Patrick Clancy, the Duxbury father whose three children were allegedly killed by his wife at their home, on Saturday wrote about his achingly painful loss and the deep love and forgiveness he feels for his wife, Lindsay.
“A lot of people have said they can’t imagine and they’re right, there’s absolutely nothing that can prepare you,” Clancy said in his first public remarks, which were posted on a GoFundMe fund-raising page set up for his family. “The shock and pain is excruciating and relentless. I’m constantly reminded of them and with the little sleep I get, I dream about them on repeat.”
The Clancy children, Cora, 5, Dawson, 3, and Callan, 8 months, were allegedly strangled by their mother on Tuesday night at their home. Patrick Clancy called 911 after arriving home shortly after 6 p.m., when he found his children unconscious and that his wife had attempted suicide.
Lindsay Clancy, 32, is in a Boston hospital and is facing murder and assault charges.
Patrick Clancy wrote with loving compassion for Lindsay, and says he forgives her, and asked for others to do the same.
“I want to ask all of you that you find it deep within yourselves to forgive Lindsay, as I have. The real Lindsay was generously loving and caring towards everyone — me, our kids, family, friends, and her patients. The very fibers of her soul are loving. All I wish for her now is that she can somehow find peace,” he wrote.
A labor and delivery nurse at Massachusetts General Hospital, Lindsay Clancy had written of her long struggle with postpartum depression on her Facebook page over the summer, just six weeks after the birth of Callan.
“Our marriage was wonderful and diametrically grew stronger as her condition rapidly worsened,” Patrick Clancy wrote. “I took as much pride in being her husband as I did in being a father and felt persistently lucky to have her in my life.
“I still remember the very moment I first laid eyes on her and can recall how overcome I was with the kind of love at first sight you only see in movies. It really didn’t take long before I was certain I wanted to marry her.”
The couple married in 2016 in Southington, Conn., according to an engagement announcement published in the Scituate Mariner newspaper.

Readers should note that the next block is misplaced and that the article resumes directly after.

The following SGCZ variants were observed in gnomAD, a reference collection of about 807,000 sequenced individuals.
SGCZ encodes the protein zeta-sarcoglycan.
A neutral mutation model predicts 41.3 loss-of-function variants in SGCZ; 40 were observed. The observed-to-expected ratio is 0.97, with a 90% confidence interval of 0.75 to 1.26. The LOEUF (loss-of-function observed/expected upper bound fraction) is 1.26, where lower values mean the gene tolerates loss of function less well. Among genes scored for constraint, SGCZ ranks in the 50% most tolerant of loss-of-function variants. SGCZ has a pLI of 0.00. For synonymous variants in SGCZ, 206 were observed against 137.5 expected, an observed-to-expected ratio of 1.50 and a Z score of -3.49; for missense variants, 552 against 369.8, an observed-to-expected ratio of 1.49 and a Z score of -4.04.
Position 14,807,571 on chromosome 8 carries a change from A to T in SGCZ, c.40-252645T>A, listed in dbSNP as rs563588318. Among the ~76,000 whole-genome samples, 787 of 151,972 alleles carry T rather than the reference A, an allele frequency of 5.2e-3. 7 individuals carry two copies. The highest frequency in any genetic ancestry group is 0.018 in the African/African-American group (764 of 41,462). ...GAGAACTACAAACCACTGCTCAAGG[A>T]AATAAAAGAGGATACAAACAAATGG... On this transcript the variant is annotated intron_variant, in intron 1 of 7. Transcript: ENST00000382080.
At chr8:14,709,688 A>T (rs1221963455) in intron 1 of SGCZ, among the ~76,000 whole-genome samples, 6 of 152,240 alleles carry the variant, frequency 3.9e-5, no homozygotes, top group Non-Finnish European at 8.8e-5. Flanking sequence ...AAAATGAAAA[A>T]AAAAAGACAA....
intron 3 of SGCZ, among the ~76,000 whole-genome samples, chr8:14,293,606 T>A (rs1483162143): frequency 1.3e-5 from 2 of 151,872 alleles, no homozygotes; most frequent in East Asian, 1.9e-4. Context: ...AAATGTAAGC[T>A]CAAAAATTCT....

Patrick Clancy described Cora, the couple’s first-born, as a caring older sister to Dawson and Callan.
“She used to say she wanted to be a doctor and a mama when she grew up and she would practice by giving Callan check ups,” Clancy wrote.
He said Cora loved her baby dolls and would practice wrapping them in swaddles.
“We would tell her she’s such a ‘good little mama,’” he wrote. “She loved all babies, both real and pretend.”
Clancy said his oldest son, Dawson, was “naturally humorous and generous beyond the norm of a typical toddler, always willing to share his toys with others.”
“His best quality was his pure kindness,” he wrote.
“He would hug me tighter than most adults and every night he told me in consistent words at bedtime, without fail, ‘goodnight dada, I love you.’ ... He was my buddy, my first boy, and truly a gift.”
Callan was born on May 26, 2022, and his death Friday at Boston Children’s Hospital came one day after he turned 8 months old, according to a spokeswoman for the Plymouth district attorney’s office.
Clancy wrote that Callan was “our easy going child,” always smiling. His parents called him “Happy Callan.”
“If I was ever having a bad day, Callan always knew how to heal me,” he wrote. “Perhaps that’s why he held on a little longer — to spare me whatever pain he could. As excruciating as it was, I was fortunate and grateful to feel his warmth until his very last moment. Faith is my only hope of believing he felt mine.”
He also thanked the Duxbury community, police, firefighters, clergy, and others who have supported his family during an impossibly difficult time. Hundreds attended a candlelight vigil for the family Thursday evening at Holy Family Catholic Church.
“I promise I’ll put all my energy into healing and rediscovering my purpose. I owe that to all of you, Duxbury fire and police, our compassionate health care workers, our local faith leaders, the Microsoft community” — an apparent reference to his work — “and especially Cora, Dawson, and Callan. I don’t know how or when I’ll be able to do it, but your love and generosity will help me get started. I know that love always wins,” Clancy wrote.
Kathy McCabe can be reached at Katherine.McCabe@globe.com. Follow her on Twitter @GlobeKMcCabe. Nick Stoico can be reached at firstname.lastname@example.org. Follow him on Twitter @NickStoico.